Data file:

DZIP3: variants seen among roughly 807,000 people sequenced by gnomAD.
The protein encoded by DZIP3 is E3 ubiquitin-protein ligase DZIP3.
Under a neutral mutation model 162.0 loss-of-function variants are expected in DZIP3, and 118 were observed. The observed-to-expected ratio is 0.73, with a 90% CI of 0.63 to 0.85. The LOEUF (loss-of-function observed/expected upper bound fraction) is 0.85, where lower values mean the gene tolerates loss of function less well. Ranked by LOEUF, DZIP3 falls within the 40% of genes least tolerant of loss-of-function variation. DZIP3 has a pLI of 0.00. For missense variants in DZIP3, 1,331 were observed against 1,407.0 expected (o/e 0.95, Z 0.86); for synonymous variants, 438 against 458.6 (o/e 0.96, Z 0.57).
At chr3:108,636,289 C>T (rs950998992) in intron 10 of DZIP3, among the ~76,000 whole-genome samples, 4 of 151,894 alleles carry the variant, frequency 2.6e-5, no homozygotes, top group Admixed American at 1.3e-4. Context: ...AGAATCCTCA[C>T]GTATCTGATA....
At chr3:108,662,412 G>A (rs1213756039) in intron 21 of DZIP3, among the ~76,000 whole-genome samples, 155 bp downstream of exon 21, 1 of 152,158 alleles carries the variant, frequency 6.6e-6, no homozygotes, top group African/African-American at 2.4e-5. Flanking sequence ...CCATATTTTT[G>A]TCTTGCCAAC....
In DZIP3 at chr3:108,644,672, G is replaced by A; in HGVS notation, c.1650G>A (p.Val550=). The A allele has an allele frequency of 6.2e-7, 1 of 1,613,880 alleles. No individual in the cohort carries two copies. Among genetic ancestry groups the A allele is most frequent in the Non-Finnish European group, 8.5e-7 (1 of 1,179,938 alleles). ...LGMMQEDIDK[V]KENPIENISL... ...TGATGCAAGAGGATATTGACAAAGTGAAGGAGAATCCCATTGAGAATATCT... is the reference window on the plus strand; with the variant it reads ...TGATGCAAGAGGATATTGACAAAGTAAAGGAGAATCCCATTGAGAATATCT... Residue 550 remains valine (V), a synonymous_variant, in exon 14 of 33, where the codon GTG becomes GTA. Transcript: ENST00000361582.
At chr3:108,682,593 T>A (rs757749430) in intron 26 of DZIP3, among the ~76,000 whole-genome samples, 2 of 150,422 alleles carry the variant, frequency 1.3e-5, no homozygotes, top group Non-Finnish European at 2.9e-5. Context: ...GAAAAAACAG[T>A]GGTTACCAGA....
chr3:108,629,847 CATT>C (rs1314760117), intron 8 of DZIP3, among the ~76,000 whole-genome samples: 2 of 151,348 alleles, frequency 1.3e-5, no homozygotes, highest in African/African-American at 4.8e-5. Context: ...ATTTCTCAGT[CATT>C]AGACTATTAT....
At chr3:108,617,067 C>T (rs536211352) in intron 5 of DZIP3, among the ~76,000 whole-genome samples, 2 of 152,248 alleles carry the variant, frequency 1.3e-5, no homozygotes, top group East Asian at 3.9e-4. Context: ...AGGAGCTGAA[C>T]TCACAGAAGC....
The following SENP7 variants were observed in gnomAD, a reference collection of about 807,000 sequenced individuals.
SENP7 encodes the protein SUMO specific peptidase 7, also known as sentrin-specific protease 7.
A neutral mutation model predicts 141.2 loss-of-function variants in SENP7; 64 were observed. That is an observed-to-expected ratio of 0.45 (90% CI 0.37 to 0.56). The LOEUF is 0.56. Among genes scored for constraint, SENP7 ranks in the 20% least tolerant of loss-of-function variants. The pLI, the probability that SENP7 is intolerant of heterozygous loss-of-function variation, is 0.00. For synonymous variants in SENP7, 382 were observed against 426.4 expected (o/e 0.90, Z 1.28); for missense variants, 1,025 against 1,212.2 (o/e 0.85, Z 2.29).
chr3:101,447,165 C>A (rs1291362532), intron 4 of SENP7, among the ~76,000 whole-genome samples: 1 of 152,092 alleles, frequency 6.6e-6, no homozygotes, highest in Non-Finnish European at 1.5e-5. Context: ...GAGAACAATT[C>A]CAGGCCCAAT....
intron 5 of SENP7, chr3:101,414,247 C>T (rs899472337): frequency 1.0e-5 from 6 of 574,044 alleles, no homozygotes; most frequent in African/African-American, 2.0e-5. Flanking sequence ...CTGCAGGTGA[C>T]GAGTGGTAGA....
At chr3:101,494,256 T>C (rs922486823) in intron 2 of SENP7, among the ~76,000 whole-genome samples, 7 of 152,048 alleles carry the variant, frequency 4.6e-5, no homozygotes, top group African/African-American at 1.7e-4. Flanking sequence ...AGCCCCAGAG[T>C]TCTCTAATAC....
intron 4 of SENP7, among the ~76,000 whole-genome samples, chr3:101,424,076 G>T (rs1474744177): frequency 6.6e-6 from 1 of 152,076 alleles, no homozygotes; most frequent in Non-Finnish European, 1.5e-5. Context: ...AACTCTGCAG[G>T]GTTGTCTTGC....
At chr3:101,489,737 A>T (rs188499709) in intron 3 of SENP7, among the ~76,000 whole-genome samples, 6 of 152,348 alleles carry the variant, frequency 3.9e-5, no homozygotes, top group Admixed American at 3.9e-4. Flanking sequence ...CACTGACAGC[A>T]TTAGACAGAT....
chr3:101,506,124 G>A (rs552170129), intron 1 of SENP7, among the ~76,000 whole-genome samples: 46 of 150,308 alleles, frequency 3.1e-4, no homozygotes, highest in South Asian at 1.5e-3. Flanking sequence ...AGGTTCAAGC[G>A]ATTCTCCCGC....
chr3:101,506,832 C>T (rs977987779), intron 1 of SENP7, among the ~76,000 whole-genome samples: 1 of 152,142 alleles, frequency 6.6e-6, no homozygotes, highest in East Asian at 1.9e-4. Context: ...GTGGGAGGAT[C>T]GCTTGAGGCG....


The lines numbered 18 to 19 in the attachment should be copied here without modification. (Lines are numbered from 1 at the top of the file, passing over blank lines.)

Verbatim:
chr3:101,506,124 G>A (rs552170129), intron 1 of SENP7, among the ~76,000 whole-genome samples: 46 of 150,308 alleles, frequency 3.1e-4, no homozygotes, highest in South Asian at 1.5e-3. Flanking sequence ...AGGTTCAAGC[G>A]ATTCTCCCGC....
chr3:101,506,832 C>T (rs977987779), intron 1 of SENP7, among the ~76,000 whole-genome samples: 1 of 152,142 alleles, frequency 6.6e-6, no homozygotes, highest in East Asian at 1.9e-4. Context: ...GTGGGAGGAT[C>T]GCTTGAGGCG....